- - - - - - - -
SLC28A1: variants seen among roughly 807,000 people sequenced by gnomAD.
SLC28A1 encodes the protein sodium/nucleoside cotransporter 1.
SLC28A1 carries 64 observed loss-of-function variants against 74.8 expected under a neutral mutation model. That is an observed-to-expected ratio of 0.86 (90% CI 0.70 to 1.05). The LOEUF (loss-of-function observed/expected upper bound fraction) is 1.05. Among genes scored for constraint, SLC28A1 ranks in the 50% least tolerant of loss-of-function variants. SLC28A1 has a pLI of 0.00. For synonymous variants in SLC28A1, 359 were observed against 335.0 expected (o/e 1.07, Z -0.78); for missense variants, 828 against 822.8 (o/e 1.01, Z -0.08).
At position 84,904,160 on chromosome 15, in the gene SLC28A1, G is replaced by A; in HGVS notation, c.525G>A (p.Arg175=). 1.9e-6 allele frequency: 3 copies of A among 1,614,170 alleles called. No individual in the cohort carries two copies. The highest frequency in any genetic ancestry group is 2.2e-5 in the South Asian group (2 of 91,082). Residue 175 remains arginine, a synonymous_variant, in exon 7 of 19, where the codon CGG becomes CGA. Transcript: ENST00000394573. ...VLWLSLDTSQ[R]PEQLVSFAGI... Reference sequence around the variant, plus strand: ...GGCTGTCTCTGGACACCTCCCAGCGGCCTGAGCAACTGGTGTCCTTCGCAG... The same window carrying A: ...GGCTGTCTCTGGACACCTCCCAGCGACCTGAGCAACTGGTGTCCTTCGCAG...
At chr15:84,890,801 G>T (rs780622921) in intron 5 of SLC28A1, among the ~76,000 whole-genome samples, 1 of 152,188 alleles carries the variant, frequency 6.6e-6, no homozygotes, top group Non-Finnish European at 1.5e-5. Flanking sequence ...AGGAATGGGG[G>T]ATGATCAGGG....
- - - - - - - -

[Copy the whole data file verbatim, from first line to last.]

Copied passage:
SLC28A1: variants seen among roughly 807,000 people sequenced by gnomAD.
SLC28A1 encodes the protein sodium/nucleoside cotransporter 1.
SLC28A1 carries 64 observed loss-of-function variants against 74.8 expected under a neutral mutation model. That is an observed-to-expected ratio of 0.86 (90% CI 0.70 to 1.05). The LOEUF (loss-of-function observed/expected upper bound fraction) is 1.05. Among genes scored for constraint, SLC28A1 ranks in the 50% least tolerant of loss-of-function variants. SLC28A1 has a pLI of 0.00. For synonymous variants in SLC28A1, 359 were observed against 335.0 expected (o/e 1.07, Z -0.78); for missense variants, 828 against 822.8 (o/e 1.01, Z -0.08).
At position 84,904,160 on chromosome 15, in the gene SLC28A1, G is replaced by A; in HGVS notation, c.525G>A (p.Arg175=). 1.9e-6 allele frequency: 3 copies of A among 1,614,170 alleles called. No individual in the cohort carries two copies. The highest frequency in any genetic ancestry group is 2.2e-5 in the South Asian group (2 of 91,082). Residue 175 remains arginine, a synonymous_variant, in exon 7 of 19, where the codon CGG becomes CGA. Transcript: ENST00000394573. ...VLWLSLDTSQ[R]PEQLVSFAGI... Reference sequence around the variant, plus strand: ...GGCTGTCTCTGGACACCTCCCAGCGGCCTGAGCAACTGGTGTCCTTCGCAG... The same window carrying A: ...GGCTGTCTCTGGACACCTCCCAGCGACCTGAGCAACTGGTGTCCTTCGCAG...
At chr15:84,890,801 G>T (rs780622921) in intron 5 of SLC28A1, among the ~76,000 whole-genome samples, 1 of 152,188 alleles carries the variant, frequency 6.6e-6, no homozygotes, top group Non-Finnish European at 1.5e-5. Flanking sequence ...AGGAATGGGG[G>T]ATGATCAGGG....